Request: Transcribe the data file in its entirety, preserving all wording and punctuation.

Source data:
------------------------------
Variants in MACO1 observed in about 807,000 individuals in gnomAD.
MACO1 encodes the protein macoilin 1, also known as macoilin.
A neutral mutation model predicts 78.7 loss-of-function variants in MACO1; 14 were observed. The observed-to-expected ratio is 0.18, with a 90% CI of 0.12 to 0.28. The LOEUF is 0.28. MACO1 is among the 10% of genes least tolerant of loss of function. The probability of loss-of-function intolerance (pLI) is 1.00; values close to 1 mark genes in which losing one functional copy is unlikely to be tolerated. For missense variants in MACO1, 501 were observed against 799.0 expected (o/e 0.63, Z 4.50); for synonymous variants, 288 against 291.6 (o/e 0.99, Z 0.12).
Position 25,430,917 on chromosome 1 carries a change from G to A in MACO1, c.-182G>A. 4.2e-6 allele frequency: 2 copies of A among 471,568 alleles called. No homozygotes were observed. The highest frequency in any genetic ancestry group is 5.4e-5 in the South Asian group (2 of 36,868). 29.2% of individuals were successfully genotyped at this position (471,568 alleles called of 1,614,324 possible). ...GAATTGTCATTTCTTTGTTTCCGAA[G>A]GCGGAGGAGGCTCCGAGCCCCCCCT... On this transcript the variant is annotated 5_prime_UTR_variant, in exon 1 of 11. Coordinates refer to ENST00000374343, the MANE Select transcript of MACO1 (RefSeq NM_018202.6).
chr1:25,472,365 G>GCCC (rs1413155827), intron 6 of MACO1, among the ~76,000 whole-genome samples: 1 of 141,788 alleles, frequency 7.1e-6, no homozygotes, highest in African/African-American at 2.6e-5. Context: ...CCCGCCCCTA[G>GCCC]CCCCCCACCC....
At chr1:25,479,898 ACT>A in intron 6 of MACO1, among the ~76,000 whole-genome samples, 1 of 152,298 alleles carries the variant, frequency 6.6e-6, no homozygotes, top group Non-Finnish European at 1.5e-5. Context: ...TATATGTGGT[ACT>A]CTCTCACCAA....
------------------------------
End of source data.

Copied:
Variants in MACO1 observed in about 807,000 individuals in gnomAD.
MACO1 encodes the protein macoilin 1, also known as macoilin.
A neutral mutation model predicts 78.7 loss-of-function variants in MACO1; 14 were observed. The observed-to-expected ratio is 0.18, with a 90% CI of 0.12 to 0.28. The LOEUF is 0.28. MACO1 is among the 10% of genes least tolerant of loss of function. The probability of loss-of-function intolerance (pLI) is 1.00; values close to 1 mark genes in which losing one functional copy is unlikely to be tolerated. For missense variants in MACO1, 501 were observed against 799.0 expected (o/e 0.63, Z 4.50); for synonymous variants, 288 against 291.6 (o/e 0.99, Z 0.12).
Position 25,430,917 on chromosome 1 carries a change from G to A in MACO1, c.-182G>A. 4.2e-6 allele frequency: 2 copies of A among 471,568 alleles called. No homozygotes were observed. The highest frequency in any genetic ancestry group is 5.4e-5 in the South Asian group (2 of 36,868). 29.2% of individuals were successfully genotyped at this position (471,568 alleles called of 1,614,324 possible). ...GAATTGTCATTTCTTTGTTTCCGAA[G>A]GCGGAGGAGGCTCCGAGCCCCCCCT... On this transcript the variant is annotated 5_prime_UTR_variant, in exon 1 of 11. Coordinates refer to ENST00000374343, the MANE Select transcript of MACO1 (RefSeq NM_018202.6).
chr1:25,472,365 G>GCCC (rs1413155827), intron 6 of MACO1, among the ~76,000 whole-genome samples: 1 of 141,788 alleles, frequency 7.1e-6, no homozygotes, highest in African/African-American at 2.6e-5. Context: ...CCCGCCCCTA[G>GCCC]CCCCCCACCC....
At chr1:25,479,898 ACT>A in intron 6 of MACO1, among the ~76,000 whole-genome samples, 1 of 152,298 alleles carries the variant, frequency 6.6e-6, no homozygotes, top group Non-Finnish European at 1.5e-5. Context: ...TATATGTGGT[ACT>A]CTCTCACCAA....